The surrender hadn’t been enticing enough. The prospect of recruiting several hundred students had been. I wasn’t sure who had fought for it or against it, but they had made the offer and now all bets were off. Valentina and Davis were debating things with students as an audience.
But they weren’t the voices I wanted or needed to listen to. The real danger was the rebel group that inhabited the building. They were the ones who were holding our people hostage.
The trick was to navigate the vents until we found a point where we could overhear the rebels. It made for a lot of crawling through ducts, two fingers on one of my hands in bad shape, my shoulder protesting at my being bent over.
I’d offered Helen a chance to sit out, and she hadn’t. I could most certainly do my share while she was struggling.
We found a spot where acoustics brought noise into the vents, a crossroads between multiple vents, with the next best thing to an open space in the middle of the chosen sector. A ladder extending up was especially useful, because it provided headroom. Helen, Jessie and I sat there, Jessie in the middle. Helen clung to her and draped over her, and Jessie turned away from Helen to fixate on my shoulder, undoing sodden bandages.
I called out, using those same acoustics to speak out to this entire part of the building.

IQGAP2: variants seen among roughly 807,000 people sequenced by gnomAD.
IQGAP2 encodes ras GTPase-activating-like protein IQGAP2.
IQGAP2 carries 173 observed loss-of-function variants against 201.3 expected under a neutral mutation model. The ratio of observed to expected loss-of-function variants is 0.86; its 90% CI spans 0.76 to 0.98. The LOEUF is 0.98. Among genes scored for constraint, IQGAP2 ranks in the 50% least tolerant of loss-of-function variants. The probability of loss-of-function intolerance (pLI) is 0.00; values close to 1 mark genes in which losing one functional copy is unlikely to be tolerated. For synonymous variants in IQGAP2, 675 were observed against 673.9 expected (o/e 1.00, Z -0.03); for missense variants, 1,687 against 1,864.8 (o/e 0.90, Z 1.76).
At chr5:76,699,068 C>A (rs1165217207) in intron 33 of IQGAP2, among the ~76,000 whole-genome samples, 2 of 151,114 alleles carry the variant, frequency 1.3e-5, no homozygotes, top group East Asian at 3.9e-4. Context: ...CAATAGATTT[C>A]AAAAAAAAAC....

“Cynthia is dead or dying. The woman crawls desperately through the drains, and the giant is tearing up the street as fast or faster than she can move. She will make a mistake. She will get tired. Your leader will die, if she isn’t dead already.”
All chatter had died down.
Someone in the enemy ranks shouted out, “Where are you?”
I was tempted to give a joke answer, but then Jessie pre-emptively elbowed me.
I elbowed her back.
“Cynthia is your lowest priority,” I spoke. “There’s a group of your people due east of here. They sent you ahead, or you reported to them. Franz led that particular group.”
I let the words hang.
There was more shouting and there were more attempts to provoke a direct response from me. Some even called out for me to show myself.
That could come later, if they were especially uncooperative.
“Franz is dead,” I announced. I paused, to give that reality some gravity. “The others… paralyzed. Eyes lost from sockets. It was messy and wholly deserved. I focused on disabling them. Smoke inhalation will have helped. The building is made of treated wood, so it wasn’t burning well, last we saw. There are two places you could be, and they aren’t here.”
There were more shouts, more threats. There were several gunshots, aimed at the ceiling. From our vantage point, we could see down the length of most of the ducts. None of the shots seemed to penetrate the ducts themselves.
They could come in after us, was the big threat, but that was a tricky proposition for all involved.